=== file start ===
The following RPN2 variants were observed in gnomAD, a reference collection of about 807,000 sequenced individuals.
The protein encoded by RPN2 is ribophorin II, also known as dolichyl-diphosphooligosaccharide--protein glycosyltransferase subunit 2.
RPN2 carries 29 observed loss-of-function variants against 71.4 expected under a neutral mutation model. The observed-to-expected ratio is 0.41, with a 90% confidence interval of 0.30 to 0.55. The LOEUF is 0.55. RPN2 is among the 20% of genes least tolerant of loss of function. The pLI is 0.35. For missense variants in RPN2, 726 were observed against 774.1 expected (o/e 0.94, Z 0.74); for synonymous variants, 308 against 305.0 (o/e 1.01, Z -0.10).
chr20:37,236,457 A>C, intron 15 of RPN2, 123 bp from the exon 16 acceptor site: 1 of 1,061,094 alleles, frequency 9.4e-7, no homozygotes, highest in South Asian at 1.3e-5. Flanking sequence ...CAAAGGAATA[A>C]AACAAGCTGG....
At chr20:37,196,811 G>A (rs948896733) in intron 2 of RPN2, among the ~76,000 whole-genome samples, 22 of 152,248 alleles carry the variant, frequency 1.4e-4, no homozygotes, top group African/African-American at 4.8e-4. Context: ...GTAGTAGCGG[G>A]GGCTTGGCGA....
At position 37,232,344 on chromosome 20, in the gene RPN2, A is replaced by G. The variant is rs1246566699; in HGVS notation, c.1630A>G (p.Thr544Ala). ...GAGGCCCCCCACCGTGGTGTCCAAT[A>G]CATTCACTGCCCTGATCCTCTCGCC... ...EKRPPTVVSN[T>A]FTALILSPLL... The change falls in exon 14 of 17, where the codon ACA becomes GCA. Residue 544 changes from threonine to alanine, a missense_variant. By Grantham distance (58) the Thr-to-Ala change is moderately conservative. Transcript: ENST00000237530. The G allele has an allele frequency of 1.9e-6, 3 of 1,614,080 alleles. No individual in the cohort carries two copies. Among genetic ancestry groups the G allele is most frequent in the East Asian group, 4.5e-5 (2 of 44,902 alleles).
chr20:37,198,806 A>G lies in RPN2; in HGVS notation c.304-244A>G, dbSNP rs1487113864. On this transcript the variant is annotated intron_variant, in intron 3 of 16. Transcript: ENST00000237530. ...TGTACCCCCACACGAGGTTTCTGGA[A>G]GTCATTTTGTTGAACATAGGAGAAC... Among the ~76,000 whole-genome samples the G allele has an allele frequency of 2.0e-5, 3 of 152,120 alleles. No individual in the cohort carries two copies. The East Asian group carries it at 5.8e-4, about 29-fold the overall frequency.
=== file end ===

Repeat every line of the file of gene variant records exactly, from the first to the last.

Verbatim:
The following RPN2 variants were observed in gnomAD, a reference collection of about 807,000 sequenced individuals.
The protein encoded by RPN2 is ribophorin II, also known as dolichyl-diphosphooligosaccharide--protein glycosyltransferase subunit 2.
RPN2 carries 29 observed loss-of-function variants against 71.4 expected under a neutral mutation model. The observed-to-expected ratio is 0.41, with a 90% confidence interval of 0.30 to 0.55. The LOEUF is 0.55. RPN2 is among the 20% of genes least tolerant of loss of function. The pLI is 0.35. For missense variants in RPN2, 726 were observed against 774.1 expected (o/e 0.94, Z 0.74); for synonymous variants, 308 against 305.0 (o/e 1.01, Z -0.10).
chr20:37,236,457 A>C, intron 15 of RPN2, 123 bp from the exon 16 acceptor site: 1 of 1,061,094 alleles, frequency 9.4e-7, no homozygotes, highest in South Asian at 1.3e-5. Flanking sequence ...CAAAGGAATA[A>C]AACAAGCTGG....
At chr20:37,196,811 G>A (rs948896733) in intron 2 of RPN2, among the ~76,000 whole-genome samples, 22 of 152,248 alleles carry the variant, frequency 1.4e-4, no homozygotes, top group African/African-American at 4.8e-4. Context: ...GTAGTAGCGG[G>A]GGCTTGGCGA....
At position 37,232,344 on chromosome 20, in the gene RPN2, A is replaced by G. The variant is rs1246566699; in HGVS notation, c.1630A>G (p.Thr544Ala). ...GAGGCCCCCCACCGTGGTGTCCAAT[A>G]CATTCACTGCCCTGATCCTCTCGCC... ...EKRPPTVVSN[T>A]FTALILSPLL... The change falls in exon 14 of 17, where the codon ACA becomes GCA. Residue 544 changes from threonine to alanine, a missense_variant. By Grantham distance (58) the Thr-to-Ala change is moderately conservative. Transcript: ENST00000237530. The G allele has an allele frequency of 1.9e-6, 3 of 1,614,080 alleles. No individual in the cohort carries two copies. Among genetic ancestry groups the G allele is most frequent in the East Asian group, 4.5e-5 (2 of 44,902 alleles).
chr20:37,198,806 A>G lies in RPN2; in HGVS notation c.304-244A>G, dbSNP rs1487113864. On this transcript the variant is annotated intron_variant, in intron 3 of 16. Transcript: ENST00000237530. ...TGTACCCCCACACGAGGTTTCTGGA[A>G]GTCATTTTGTTGAACATAGGAGAAC... Among the ~76,000 whole-genome samples the G allele has an allele frequency of 2.0e-5, 3 of 152,120 alleles. No individual in the cohort carries two copies. The East Asian group carries it at 5.8e-4, about 29-fold the overall frequency.